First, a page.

Friday, March 30, 2012

happy friday

drought tolerant flowering plants (via plant select)
now that spring is officially here and the weather in durango has been beautiful for the last week and a half i have begun to start seriously thinking about the landscaping that need to take place.  it is going to be a lot of work to get our property looking great but i am looking forward to it!

of course our rock wall was a huge investment into the hardscape of the yard and will provide a great jumping off point for planting areas, and the creation of outdoor rooms.  i thought i would share with you some of the landscape photos i have been pinning on Pinterest!  as you will see most of them include pea gravel and planting areas which will use very little water.

enjoy and happy friday!

i would love to have an alfresco dining area on the side of our house like this

a kitchen garden somewhere is must!

this would be a great idea for the area along the river
under the river birch trees

low water usage landscaping is a must in durango- considered a desert

all photos via

Thursday, March 29, 2012

are you ready for this......

woo! i am absolutely thrilled to share the first photos of our barn wood siding installed!  matt and orion have been working so hard that last few days to get the siding up.

roofing paper and metal flashing at base of north house

the first step for installing the siding was to wrap the north part of the house in black felt roofing paper.  this paper acts as an additional moisture barrier between the siding and the osb sheathing of the house, but more importantly because the barn wood is imperfect the black paper will keep any small holes from being unsightly.  there is also a chance the in the future that a knot could pop out of this very old wood as it shifts and shimmies around

the guys did a wonderful job covering the house
matt and orion also added a metal drip edge along the bottom of the house which will turn a great rusty red color.  this helps to direct any water that may get behind the siding away from the foundation.  it is funny how terrified of water i have become during this process, water is your worst enemy in construction and we have done everything in our power to make sure water is contained and controlled.

putting up the felt paper

matt hard at work on the roof
when we started the process of putting on the siding we thought we would execute a reverse board and batten style siding.  however, we quickly decided that this would look too chunky and way to textural.  the wood itself is so distinctive and beautiful that we felt it best to apply the wood is a very clean lined way.  so we decided to apply the wood in a way called board to board.  each board has to be put through the table saw to make a straight edge and then is abutted together.  this creates a very tight looking siding and utilizes the most material possible.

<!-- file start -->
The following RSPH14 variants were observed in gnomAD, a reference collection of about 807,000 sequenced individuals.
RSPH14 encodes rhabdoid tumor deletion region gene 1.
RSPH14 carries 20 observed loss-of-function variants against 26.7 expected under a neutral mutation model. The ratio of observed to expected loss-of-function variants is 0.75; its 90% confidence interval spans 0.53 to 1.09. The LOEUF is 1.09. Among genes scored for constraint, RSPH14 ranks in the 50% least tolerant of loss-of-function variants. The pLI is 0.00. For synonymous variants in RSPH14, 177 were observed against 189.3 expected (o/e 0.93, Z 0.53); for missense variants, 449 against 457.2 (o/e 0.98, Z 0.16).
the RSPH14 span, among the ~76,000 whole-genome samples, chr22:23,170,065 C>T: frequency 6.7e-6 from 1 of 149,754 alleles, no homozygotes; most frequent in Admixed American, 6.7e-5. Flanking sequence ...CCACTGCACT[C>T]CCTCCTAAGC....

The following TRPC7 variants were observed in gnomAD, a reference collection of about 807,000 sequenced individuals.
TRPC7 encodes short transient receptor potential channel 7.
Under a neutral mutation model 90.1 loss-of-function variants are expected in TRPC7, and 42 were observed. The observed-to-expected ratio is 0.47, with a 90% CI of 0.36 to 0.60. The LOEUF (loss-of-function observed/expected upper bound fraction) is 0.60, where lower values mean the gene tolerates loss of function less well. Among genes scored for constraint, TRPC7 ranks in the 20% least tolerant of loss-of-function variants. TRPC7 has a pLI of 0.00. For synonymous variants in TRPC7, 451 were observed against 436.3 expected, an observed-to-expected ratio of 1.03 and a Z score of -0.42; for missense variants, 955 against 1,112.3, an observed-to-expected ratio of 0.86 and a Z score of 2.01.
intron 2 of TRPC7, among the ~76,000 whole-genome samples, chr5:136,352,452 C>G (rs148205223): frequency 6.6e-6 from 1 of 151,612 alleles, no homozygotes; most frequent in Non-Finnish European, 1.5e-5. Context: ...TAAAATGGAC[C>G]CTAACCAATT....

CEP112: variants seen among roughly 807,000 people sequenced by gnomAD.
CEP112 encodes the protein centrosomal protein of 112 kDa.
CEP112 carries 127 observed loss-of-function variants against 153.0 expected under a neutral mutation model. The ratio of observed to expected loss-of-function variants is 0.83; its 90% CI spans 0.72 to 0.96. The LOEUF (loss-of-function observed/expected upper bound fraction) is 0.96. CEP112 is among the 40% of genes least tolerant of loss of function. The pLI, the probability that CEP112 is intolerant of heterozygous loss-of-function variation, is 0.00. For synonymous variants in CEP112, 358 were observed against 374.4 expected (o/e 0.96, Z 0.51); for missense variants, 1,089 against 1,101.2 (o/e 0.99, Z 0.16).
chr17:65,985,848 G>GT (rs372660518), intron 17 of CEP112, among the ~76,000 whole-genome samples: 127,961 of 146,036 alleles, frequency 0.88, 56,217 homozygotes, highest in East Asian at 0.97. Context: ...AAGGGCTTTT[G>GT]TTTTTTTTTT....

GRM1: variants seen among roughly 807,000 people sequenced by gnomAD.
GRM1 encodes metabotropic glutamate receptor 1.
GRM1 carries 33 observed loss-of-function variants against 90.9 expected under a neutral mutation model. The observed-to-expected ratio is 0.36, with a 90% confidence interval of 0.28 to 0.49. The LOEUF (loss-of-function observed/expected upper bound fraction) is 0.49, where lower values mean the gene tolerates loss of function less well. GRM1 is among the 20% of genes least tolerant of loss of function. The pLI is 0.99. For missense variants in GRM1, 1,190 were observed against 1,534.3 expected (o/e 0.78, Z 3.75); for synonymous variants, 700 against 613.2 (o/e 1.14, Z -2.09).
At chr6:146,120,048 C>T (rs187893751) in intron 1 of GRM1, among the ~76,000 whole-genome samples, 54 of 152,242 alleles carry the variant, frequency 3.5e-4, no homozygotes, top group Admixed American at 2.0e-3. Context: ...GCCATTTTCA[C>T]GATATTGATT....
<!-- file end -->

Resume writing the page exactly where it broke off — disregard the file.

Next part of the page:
the siding stating to go up on the south face
matt and orion have done a beautiful job of putting together the siding.  it is certainly an artform, having to match each piece with its neighboring piece.  and trying to make it look random without trying to hard that it looks like you were trying!

the boards are fit together as tightly as possible

Orion at the saw

a lot more of the siding finished

björn and i are so incredibly happy with the look of the north house and it feels even better that many people have stopped by to compliment the progress and to comment on how much they love the barn wood.

Wednesday, March 28, 2012

products galore: siding purchased part dos

you know how every blogger always has "such and such part deux" well since we are here in southwest colorado i think "part dos" is much more appropriate.  we have a large population of americans who speak spanish as well as english.  new mexico is just a hop and a skip away and we are so lucky to have probably THE BEST traditional mexican food (outside of mexico) as well as influences from the Navajo and other native american tribes.  but i digress , this post is supposed to be about siding!

you saw our purchase of antique barn wood here, which we are soooo excited to show you.  but what about the rest of the house.  originally we had envisioned a vertical wood siding in a reverse board and batten application on the left side of the house, and a horizontal lap siding under the front porch.  again, we did a bunch of research into the available products.  we seriously considered using cedar siding for its weather resistant properties, however, i wasn't diggin' the idea that this product would still rot over time.  björn and i both wanted something that would be a lot less maintenance in the future.  after reading a few great articles on Fine Home Building we decided to check out fiber cement board.